Globally, at least 2 billion people use a drinking water source contaminated with faeces. Microbial contamination of drinking water as a result of contamination with faeces poses the greatest risk to drinking-water safety.
Scenario in India
 According to a recent report by the government’s policy think tank, the NITI Aayog, India is suffering from the worst water crisis in its history, and almost 600 million people in the country are water-stressed and 21 cities –  including Bangalore, Delhi, Hyderabad, and Chennai – probably exhausted their groundwater resources in 2021.
NITI Aayog estimates that 21 major cities, including Delhi, would run out of groundwater by 2030. In addition, water scarcity in India is expected to worsen as the overall population is expected to increase to 1.6 billion by the year 2050.
As per the Composite Water Management Index Report of NITI Aayog, although India has 16 percent of the world’s population, the country possesses only four percent of the world’s freshwater resources. The worst sufferers of this crisis are mostly women who have to manage household chores with little water or walk miles to fetch water.
Three-fourths of India’s rural families sadly lack access to piped, drinkable water and rely on unsafe sources at the risk to their health.
As many as 256 of 700 districts in India have reported ‘critical’ or ‘over-exploited’ groundwater levels according to the most recent Central Ground Water Board data (2017), which means that getting water in these places has grown more difficult as the water table has dropped.
India has become the world’s largest extractor of groundwater, accounting for 25 percent of the total. Some 70 percent of our water sources are contaminated and our major rivers are dying because of pollution. Similarly, wells, ponds, and tanks are drying up as groundwater resources come under increasing pressure due to over-reliance and unchecked consumption. This has exacerbated the water crisis.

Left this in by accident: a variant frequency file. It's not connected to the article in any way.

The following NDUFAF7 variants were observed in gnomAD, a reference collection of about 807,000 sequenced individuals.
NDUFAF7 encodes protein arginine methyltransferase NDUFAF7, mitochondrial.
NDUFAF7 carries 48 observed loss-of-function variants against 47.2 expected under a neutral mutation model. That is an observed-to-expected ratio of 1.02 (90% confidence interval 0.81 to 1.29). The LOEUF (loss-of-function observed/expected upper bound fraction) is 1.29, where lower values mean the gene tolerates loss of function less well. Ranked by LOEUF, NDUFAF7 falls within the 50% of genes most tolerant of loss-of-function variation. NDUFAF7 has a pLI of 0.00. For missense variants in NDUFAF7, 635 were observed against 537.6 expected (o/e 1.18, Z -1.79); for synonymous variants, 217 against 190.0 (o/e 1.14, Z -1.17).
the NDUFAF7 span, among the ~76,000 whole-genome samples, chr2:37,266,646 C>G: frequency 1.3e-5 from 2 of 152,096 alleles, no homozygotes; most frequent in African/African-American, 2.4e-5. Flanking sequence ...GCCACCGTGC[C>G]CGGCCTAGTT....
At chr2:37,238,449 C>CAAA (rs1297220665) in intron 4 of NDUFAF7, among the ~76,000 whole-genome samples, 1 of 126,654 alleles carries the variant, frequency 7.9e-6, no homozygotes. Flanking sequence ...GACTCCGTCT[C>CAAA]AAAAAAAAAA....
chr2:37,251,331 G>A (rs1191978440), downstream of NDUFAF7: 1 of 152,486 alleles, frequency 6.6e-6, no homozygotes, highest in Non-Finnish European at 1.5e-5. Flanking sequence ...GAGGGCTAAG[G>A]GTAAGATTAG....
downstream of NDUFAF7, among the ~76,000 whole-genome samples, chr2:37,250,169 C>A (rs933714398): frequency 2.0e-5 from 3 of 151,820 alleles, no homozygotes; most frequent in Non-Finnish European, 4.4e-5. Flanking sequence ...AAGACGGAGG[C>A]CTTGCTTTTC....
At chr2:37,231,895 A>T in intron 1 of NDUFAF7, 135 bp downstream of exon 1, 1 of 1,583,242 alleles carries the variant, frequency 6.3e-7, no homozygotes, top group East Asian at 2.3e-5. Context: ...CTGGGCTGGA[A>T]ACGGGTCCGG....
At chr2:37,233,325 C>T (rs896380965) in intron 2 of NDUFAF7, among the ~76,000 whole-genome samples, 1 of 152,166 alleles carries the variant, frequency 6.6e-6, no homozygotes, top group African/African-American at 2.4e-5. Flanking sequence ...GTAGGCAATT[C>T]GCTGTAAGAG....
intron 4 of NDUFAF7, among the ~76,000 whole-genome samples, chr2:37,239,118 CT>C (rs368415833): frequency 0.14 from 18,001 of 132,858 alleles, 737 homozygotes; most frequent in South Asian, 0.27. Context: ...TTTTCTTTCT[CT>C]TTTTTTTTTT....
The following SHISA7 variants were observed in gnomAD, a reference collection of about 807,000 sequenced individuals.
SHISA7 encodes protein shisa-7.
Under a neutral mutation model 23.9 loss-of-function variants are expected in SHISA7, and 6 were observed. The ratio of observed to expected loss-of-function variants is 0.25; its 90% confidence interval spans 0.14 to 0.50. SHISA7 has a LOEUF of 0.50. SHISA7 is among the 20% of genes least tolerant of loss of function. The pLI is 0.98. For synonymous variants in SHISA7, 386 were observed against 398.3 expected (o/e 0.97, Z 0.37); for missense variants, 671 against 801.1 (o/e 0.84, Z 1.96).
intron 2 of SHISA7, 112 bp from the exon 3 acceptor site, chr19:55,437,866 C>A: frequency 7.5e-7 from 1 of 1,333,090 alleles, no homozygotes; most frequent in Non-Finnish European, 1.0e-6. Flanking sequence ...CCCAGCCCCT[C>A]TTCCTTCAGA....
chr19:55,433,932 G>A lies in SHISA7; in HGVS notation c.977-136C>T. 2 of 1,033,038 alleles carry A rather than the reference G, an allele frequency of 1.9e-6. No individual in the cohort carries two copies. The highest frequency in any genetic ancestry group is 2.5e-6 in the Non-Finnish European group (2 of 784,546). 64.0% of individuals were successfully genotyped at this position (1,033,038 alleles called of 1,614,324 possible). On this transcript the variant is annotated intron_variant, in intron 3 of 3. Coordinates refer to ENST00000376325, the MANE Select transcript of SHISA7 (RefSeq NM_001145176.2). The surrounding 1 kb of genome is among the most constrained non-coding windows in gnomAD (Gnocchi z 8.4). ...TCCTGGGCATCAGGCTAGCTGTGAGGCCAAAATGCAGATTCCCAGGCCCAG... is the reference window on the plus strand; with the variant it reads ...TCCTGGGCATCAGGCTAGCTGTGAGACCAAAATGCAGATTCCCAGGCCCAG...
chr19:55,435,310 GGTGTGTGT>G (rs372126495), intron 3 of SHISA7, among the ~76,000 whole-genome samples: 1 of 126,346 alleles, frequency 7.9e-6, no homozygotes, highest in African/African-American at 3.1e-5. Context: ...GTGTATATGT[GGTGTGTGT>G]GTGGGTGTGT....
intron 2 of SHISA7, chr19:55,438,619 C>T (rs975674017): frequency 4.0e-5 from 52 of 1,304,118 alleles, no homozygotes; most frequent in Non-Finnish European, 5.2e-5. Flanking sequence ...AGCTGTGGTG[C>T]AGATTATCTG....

In our country, agriculture consumes over 85 percent of our water. With only 40 percent assured for irrigation, our farmers depend heavily either on rains or on groundwater for agricultural purposes, and our efforts to conserve rainwater remain woefully inadequate. A report says that over-exploitation and unchecked use of water in agriculture has seen a catastrophic drop in groundwater levels. Unless we bring about a drastic change in the consumption patterns, in 20 years, 60 percent of India's aquifers will woefully be in critical condition.
According to another study, our country labelled as the largest groundwater user in the world, use around 251 BCM (billion cubic meter) per year, more than a quarter of the global total. With more than 60 percent of irrigated agriculture and 85 percent of drinking water supplies dependent on it and growing industrial/urban usage, groundwater is a vital resource. It is further projected that the per capita water availability will dip to around 1400 cum in 2025, and further down to 1250 cum by 2050.
As per a report, currently, 600 million Indians face high to extreme water stress, and about two lakh people die every year due to inadequate access to safe water. The crisis is only going to get worse. By 2030, the country’s water demand is projected to be twice the available supply, implying severe water scarcity for hundreds of millions of people and an eventual 6% loss in the country’s GDP.